American Eagle Pilots Union Leaders Reject Deal

Rejection could jeopardize airline's future since the union has said company negotiaters stated numerous times that the regional carrier will be downsized until 'it is small enough to liquidate.'


Feb. 13--Leaders of the American Eagle pilots union on Wednesday rejected a recent contract agreement reached by negotiators for the airline and the Air Line Pilots Association, meaning it will not be sent to 3,000 Eagle pilots for a vote.

The contract rejection could jeopardize the future of American Eagle as the union said company negotiaters stated numerous times that the regional carrier will be downsized until "it is small enough to liquidate."

During a meeting at Dallas/Fort Worth Airport's Grand Hyatt hotel Wednesday, the union's master executive council voted against the 10-year deal, which would have given the regional carrier, owned by American Airlines Group, new Embraer 175 jets in return for concessions.

"The pilots negotiated and signed a concessionary agreement during the recent bankruptcy, and management asked us soon after AAG exited bankruptcy for additional, significant concessions," union Chairman William Sprague said in a memo sent to pilots Wednesday evening. "Our pilots decided they were not willing to work for less than the company is already paying our peers."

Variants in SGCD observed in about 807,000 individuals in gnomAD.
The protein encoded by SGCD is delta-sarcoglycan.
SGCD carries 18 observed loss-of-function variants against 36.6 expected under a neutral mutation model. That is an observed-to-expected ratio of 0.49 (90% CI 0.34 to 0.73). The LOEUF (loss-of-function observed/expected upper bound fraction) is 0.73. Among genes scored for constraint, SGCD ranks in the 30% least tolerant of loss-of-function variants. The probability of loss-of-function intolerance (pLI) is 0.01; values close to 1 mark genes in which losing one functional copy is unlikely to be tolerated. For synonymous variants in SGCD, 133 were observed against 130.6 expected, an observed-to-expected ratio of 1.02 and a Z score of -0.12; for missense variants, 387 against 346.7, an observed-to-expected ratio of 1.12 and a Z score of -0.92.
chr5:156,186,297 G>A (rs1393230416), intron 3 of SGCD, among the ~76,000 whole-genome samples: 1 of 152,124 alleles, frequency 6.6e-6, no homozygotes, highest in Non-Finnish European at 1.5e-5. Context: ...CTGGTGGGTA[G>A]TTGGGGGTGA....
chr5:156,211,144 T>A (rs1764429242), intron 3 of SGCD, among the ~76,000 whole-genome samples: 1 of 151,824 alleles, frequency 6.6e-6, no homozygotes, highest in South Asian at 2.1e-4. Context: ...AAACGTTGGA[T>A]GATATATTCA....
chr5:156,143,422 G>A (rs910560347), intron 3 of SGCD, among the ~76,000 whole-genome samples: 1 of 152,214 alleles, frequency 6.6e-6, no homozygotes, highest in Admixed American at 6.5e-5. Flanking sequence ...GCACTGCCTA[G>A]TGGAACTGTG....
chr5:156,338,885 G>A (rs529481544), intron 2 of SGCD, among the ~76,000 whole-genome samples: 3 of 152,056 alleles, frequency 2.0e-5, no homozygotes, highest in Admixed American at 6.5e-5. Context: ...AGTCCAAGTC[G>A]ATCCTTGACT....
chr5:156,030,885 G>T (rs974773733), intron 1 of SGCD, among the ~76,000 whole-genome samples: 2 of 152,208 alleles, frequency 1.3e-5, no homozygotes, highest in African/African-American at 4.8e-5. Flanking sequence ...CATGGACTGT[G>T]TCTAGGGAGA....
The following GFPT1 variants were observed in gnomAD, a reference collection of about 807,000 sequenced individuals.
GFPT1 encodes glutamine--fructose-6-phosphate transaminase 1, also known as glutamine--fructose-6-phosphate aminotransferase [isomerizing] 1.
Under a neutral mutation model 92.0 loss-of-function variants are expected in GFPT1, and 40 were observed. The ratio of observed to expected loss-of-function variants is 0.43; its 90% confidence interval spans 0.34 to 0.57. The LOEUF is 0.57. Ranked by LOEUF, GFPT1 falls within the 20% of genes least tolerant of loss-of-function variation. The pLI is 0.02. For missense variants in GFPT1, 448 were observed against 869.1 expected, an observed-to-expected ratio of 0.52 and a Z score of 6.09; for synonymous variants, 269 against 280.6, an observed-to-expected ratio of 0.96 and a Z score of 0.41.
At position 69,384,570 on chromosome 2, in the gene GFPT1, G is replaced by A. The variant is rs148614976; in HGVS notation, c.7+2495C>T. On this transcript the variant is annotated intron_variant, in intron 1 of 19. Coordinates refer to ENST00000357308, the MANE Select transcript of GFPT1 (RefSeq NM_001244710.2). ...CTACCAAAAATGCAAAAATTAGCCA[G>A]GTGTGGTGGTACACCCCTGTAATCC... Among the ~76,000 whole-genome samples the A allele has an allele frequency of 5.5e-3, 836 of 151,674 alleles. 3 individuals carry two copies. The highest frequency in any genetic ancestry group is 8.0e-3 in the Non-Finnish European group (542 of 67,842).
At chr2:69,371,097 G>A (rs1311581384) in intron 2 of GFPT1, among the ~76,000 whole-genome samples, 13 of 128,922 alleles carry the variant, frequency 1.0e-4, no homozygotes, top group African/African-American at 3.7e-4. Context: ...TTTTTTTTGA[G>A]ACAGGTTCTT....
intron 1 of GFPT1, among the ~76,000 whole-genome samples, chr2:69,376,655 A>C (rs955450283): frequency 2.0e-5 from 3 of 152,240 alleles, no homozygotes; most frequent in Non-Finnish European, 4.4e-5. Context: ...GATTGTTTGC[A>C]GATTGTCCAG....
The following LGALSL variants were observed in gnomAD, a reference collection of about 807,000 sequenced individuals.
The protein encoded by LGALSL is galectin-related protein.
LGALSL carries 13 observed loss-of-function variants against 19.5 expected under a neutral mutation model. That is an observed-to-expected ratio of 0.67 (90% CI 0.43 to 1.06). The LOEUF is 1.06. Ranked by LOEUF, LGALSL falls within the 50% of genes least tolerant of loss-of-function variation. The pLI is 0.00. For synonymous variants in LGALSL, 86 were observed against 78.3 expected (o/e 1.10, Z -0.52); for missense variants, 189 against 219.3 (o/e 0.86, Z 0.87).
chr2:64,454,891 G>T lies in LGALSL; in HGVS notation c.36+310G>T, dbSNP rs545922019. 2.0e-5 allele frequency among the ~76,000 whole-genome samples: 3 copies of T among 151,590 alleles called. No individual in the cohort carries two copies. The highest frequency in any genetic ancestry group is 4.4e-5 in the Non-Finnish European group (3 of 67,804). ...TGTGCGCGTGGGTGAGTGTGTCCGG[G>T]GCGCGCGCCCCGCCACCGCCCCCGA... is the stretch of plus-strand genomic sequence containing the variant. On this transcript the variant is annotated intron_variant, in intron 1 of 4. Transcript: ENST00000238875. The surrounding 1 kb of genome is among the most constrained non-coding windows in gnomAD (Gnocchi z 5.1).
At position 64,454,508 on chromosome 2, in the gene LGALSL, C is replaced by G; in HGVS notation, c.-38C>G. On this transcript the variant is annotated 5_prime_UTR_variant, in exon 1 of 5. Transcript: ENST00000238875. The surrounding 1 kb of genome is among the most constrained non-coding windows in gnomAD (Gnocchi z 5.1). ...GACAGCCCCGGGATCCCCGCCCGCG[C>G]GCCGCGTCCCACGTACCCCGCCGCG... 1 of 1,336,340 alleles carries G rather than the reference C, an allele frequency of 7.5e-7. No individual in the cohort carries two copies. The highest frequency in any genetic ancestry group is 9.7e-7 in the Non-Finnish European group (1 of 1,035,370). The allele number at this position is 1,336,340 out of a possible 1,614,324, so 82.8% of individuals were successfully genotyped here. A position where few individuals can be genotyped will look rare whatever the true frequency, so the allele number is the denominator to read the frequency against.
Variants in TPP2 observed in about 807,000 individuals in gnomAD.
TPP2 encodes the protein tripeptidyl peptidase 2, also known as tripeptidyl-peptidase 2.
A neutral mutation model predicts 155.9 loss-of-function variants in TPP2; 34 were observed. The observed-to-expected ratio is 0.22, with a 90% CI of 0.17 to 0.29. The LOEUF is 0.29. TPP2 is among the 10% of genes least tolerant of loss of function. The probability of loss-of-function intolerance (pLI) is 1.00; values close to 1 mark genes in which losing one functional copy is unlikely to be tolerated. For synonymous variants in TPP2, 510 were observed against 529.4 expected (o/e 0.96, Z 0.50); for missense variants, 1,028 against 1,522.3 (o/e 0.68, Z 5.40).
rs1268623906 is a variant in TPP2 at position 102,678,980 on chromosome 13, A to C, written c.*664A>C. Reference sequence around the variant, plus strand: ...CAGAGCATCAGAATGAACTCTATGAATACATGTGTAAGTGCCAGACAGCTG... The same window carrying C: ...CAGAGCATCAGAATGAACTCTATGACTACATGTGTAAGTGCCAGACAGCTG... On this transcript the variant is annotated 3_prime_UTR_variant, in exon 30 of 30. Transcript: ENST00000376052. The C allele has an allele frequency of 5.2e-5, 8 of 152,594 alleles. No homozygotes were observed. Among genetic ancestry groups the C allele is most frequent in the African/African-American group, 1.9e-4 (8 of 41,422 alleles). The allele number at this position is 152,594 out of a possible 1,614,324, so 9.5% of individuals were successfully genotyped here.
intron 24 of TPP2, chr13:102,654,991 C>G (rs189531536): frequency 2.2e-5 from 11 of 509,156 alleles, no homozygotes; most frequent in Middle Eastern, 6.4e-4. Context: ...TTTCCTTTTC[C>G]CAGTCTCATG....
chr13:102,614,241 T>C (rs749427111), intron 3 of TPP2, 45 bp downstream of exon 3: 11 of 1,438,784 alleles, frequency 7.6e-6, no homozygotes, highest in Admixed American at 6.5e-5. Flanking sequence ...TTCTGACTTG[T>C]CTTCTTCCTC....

The union said it will help pilots find placement at other airlines and will ask management for the timetable for the possible liquidation of American Eagle.

Fort Worth-based American Airlines Group did not have an immediate comment. Its regional carrier is scheduled to be renamed Envoy this spring as the company moves forward with its strategy to use other third-party airlines to operate short-haul flights under the American Eagle brand.

In January, the union's negotiating committee and management reached an agreement guaranteeing that 60 of the new Embraer 175 aircraft that American Airlines Group ordered in December would be used with Eagle. In exchange for the aircraft, the pilots' pay scales would be frozen until 2018 and profit-sharing would be eliminated.

The deal included options for 90 other aircraft to be operated by the regional carrier. The company also agreed to hire more Eagle pilots at American Airlines' mainline operations, with up to 50 percent of each pilot hiring class consisting of Eagle pilots.

Although pilots would receive 1 percent pay increases starting in 2018, the captain pay scale would be capped at 12 years of service, and the first-officer pay scale capped at four years of service.

The employee contribution for medical insurance would also increase from 30 to 35 percent by 2017.

Andrea Ahles, 817-390-7631 Twitter: @Sky_Talk

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